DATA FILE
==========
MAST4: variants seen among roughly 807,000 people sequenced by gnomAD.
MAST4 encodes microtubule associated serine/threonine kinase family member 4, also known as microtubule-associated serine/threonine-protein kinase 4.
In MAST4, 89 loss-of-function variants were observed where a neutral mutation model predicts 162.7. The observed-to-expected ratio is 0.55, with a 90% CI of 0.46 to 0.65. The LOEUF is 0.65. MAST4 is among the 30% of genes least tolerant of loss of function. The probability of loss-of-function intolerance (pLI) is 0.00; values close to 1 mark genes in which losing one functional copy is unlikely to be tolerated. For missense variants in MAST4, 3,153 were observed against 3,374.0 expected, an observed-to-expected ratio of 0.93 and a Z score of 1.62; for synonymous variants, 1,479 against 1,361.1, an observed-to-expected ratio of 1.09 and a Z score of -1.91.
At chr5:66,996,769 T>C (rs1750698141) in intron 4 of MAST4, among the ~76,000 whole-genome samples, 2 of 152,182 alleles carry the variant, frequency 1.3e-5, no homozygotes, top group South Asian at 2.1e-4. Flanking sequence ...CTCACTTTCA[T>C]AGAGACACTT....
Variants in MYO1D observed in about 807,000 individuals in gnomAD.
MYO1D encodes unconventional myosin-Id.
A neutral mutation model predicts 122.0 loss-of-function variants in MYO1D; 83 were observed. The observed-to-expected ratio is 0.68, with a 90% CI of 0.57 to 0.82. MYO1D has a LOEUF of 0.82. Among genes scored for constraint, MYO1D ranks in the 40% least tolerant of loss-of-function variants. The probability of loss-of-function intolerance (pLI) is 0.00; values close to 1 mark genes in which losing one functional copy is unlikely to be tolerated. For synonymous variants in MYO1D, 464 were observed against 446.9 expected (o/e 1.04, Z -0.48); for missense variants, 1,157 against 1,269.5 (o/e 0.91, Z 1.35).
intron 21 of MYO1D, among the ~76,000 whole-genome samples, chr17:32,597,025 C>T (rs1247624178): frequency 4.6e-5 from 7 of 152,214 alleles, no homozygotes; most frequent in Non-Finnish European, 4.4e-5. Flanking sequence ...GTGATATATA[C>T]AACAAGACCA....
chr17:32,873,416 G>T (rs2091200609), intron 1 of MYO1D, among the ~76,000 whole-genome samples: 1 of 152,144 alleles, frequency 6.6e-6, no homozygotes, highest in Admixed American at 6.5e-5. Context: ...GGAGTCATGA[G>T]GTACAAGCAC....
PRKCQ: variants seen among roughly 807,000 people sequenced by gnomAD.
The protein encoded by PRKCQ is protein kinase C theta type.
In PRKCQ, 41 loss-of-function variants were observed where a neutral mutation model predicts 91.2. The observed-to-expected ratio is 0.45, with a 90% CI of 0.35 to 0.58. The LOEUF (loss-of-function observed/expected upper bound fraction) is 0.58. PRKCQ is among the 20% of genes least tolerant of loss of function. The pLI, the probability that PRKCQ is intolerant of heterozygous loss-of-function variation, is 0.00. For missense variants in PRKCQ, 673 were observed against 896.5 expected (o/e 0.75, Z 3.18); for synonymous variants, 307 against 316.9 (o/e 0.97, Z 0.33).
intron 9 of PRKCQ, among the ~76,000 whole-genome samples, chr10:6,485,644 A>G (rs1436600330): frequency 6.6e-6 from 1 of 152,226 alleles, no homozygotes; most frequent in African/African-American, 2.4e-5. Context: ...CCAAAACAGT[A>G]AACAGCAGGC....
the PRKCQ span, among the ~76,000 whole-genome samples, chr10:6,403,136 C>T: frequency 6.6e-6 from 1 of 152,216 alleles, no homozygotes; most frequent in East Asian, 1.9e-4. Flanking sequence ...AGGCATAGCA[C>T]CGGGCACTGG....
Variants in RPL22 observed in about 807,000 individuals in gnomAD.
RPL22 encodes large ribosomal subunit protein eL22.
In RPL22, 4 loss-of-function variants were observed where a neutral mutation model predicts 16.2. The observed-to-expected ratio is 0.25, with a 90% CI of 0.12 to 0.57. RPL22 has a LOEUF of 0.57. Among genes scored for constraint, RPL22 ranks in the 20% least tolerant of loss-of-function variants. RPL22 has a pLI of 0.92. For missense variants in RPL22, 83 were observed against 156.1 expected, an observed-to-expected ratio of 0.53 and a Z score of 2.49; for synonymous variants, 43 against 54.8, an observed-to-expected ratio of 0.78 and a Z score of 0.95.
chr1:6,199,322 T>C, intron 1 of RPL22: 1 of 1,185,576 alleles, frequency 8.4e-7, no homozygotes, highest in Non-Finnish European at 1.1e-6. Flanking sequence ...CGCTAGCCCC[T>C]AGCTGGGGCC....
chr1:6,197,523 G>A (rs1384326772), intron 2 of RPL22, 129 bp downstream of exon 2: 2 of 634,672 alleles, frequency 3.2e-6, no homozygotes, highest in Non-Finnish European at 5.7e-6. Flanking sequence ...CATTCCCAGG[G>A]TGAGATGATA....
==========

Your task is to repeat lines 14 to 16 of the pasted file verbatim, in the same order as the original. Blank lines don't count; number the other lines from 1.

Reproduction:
the PRKCQ span, among the ~76,000 whole-genome samples, chr10:6,403,136 C>T: frequency 6.6e-6 from 1 of 152,216 alleles, no homozygotes; most frequent in East Asian, 1.9e-4. Flanking sequence ...AGGCATAGCA[C>T]CGGGCACTGG....
Variants in RPL22 observed in about 807,000 individuals in gnomAD.
RPL22 encodes large ribosomal subunit protein eL22.